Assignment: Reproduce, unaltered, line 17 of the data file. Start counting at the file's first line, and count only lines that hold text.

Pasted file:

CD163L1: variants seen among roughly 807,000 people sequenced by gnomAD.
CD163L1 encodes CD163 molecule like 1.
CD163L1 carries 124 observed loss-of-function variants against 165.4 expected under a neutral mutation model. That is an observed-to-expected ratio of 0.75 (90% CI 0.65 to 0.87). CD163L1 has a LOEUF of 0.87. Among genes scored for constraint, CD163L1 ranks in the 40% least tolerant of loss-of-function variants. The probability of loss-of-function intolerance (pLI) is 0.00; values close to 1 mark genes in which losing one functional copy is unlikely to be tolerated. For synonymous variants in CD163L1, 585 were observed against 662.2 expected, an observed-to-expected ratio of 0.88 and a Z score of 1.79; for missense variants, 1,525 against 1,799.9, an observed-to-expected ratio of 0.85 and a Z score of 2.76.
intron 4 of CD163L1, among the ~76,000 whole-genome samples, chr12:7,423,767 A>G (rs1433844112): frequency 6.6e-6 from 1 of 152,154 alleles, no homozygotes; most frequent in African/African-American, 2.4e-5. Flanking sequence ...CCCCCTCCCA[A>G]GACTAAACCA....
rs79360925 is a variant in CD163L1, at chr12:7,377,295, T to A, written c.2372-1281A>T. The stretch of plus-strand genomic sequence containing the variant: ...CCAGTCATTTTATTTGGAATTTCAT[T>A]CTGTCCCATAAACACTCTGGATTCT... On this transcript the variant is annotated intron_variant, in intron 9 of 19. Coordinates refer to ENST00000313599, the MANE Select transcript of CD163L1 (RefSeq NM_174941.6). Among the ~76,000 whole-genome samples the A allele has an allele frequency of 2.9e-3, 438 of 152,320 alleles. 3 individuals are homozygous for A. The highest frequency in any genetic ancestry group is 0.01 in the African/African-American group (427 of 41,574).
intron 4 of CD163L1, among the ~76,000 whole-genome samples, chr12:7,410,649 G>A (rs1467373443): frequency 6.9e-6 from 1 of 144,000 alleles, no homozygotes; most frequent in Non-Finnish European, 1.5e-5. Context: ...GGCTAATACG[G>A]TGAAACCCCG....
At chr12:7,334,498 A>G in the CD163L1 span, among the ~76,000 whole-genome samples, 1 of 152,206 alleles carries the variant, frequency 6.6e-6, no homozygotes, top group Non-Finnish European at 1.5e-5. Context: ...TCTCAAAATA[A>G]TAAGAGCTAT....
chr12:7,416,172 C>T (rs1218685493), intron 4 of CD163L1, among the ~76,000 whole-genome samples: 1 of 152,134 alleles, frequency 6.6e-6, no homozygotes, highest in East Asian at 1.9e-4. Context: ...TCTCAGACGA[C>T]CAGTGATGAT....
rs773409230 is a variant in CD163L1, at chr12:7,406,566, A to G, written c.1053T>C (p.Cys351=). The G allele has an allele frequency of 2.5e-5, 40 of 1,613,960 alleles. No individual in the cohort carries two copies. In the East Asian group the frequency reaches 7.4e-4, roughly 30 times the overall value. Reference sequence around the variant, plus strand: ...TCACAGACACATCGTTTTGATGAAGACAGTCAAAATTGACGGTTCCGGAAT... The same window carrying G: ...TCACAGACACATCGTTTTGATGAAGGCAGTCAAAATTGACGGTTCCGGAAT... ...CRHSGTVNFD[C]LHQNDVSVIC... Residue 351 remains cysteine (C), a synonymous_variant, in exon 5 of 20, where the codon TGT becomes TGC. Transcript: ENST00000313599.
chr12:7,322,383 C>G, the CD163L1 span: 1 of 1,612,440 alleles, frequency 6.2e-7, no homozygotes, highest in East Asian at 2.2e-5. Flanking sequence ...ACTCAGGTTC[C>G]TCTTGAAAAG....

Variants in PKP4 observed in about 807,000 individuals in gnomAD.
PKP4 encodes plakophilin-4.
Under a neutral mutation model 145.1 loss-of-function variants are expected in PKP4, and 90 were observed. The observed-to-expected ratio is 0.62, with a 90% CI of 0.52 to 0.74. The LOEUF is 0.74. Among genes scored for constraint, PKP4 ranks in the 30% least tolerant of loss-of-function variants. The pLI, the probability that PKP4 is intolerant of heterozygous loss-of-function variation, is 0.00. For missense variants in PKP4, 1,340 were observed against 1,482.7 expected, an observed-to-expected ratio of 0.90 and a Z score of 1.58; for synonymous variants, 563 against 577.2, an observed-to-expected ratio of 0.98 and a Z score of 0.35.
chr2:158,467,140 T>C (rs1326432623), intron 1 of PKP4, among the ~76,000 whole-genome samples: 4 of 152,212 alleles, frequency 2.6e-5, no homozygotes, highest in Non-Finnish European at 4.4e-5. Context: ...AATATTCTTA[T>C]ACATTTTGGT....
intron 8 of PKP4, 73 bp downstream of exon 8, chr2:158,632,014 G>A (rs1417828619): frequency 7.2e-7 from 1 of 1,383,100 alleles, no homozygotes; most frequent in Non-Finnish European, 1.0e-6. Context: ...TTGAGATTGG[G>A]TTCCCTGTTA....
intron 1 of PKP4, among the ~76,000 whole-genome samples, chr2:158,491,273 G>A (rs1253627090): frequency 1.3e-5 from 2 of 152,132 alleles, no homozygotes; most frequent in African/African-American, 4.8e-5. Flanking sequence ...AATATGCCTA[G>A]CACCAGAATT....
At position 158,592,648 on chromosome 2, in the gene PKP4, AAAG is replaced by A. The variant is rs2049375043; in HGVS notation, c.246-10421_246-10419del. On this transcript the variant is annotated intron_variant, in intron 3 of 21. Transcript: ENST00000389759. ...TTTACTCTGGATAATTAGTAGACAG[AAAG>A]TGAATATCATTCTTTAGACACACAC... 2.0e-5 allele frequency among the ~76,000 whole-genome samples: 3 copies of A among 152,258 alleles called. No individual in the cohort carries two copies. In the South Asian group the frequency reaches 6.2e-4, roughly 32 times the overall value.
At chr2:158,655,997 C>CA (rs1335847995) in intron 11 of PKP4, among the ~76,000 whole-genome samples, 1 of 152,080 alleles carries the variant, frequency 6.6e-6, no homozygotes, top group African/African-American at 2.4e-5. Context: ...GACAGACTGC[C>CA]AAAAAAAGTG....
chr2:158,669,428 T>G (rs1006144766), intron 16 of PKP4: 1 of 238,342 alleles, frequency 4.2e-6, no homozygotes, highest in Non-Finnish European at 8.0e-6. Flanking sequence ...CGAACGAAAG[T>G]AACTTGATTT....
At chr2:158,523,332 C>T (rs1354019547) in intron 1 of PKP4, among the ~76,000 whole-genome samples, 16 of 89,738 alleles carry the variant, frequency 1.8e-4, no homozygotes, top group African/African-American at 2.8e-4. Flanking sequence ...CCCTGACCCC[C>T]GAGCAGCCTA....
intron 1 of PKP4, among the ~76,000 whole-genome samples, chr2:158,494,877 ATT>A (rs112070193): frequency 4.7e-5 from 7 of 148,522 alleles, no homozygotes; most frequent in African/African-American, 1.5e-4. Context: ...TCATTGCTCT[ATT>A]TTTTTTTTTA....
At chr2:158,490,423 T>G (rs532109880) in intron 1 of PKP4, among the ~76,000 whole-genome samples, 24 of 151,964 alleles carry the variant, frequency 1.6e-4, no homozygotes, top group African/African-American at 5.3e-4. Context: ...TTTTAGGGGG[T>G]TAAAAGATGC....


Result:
At position 158,592,648 on chromosome 2, in the gene PKP4, AAAG is replaced by A. The variant is rs2049375043; in HGVS notation, c.246-10421_246-10419del. On this transcript the variant is annotated intron_variant, in intron 3 of 21. Transcript: ENST00000389759. ...TTTACTCTGGATAATTAGTAGACAG[AAAG>A]TGAATATCATTCTTTAGACACACAC... 2.0e-5 allele frequency among the ~76,000 whole-genome samples: 3 copies of A among 152,258 alleles called. No individual in the cohort carries two copies. In the South Asian group the frequency reaches 6.2e-4, roughly 32 times the overall value.